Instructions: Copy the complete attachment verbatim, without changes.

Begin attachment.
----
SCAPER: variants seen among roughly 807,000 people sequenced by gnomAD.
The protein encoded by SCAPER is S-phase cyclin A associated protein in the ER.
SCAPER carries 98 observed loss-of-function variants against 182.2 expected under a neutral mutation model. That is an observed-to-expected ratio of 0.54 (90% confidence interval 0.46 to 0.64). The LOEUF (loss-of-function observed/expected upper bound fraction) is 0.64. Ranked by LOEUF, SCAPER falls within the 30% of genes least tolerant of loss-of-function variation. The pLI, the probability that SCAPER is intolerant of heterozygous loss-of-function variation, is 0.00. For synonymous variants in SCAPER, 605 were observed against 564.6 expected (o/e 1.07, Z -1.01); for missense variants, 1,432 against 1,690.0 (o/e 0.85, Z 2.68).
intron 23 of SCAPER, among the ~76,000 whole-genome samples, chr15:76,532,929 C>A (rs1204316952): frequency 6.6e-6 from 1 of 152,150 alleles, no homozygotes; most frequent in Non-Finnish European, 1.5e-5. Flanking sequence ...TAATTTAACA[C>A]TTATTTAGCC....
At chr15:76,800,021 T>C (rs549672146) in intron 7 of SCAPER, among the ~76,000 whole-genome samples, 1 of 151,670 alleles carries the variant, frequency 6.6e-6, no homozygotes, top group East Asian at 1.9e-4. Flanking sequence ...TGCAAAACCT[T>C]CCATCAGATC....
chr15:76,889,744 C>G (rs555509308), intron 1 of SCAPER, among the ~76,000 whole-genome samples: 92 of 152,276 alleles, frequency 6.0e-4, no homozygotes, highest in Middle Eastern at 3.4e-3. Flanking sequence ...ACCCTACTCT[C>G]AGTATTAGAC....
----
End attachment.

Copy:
SCAPER: variants seen among roughly 807,000 people sequenced by gnomAD.
The protein encoded by SCAPER is S-phase cyclin A associated protein in the ER.
SCAPER carries 98 observed loss-of-function variants against 182.2 expected under a neutral mutation model. That is an observed-to-expected ratio of 0.54 (90% confidence interval 0.46 to 0.64). The LOEUF (loss-of-function observed/expected upper bound fraction) is 0.64. Ranked by LOEUF, SCAPER falls within the 30% of genes least tolerant of loss-of-function variation. The pLI, the probability that SCAPER is intolerant of heterozygous loss-of-function variation, is 0.00. For synonymous variants in SCAPER, 605 were observed against 564.6 expected (o/e 1.07, Z -1.01); for missense variants, 1,432 against 1,690.0 (o/e 0.85, Z 2.68).
intron 23 of SCAPER, among the ~76,000 whole-genome samples, chr15:76,532,929 C>A (rs1204316952): frequency 6.6e-6 from 1 of 152,150 alleles, no homozygotes; most frequent in Non-Finnish European, 1.5e-5. Flanking sequence ...TAATTTAACA[C>A]TTATTTAGCC....
At chr15:76,800,021 T>C (rs549672146) in intron 7 of SCAPER, among the ~76,000 whole-genome samples, 1 of 151,670 alleles carries the variant, frequency 6.6e-6, no homozygotes, top group East Asian at 1.9e-4. Flanking sequence ...TGCAAAACCT[T>C]CCATCAGATC....
chr15:76,889,744 C>G (rs555509308), intron 1 of SCAPER, among the ~76,000 whole-genome samples: 92 of 152,276 alleles, frequency 6.0e-4, no homozygotes, highest in Middle Eastern at 3.4e-3. Flanking sequence ...ACCCTACTCT[C>G]AGTATTAGAC....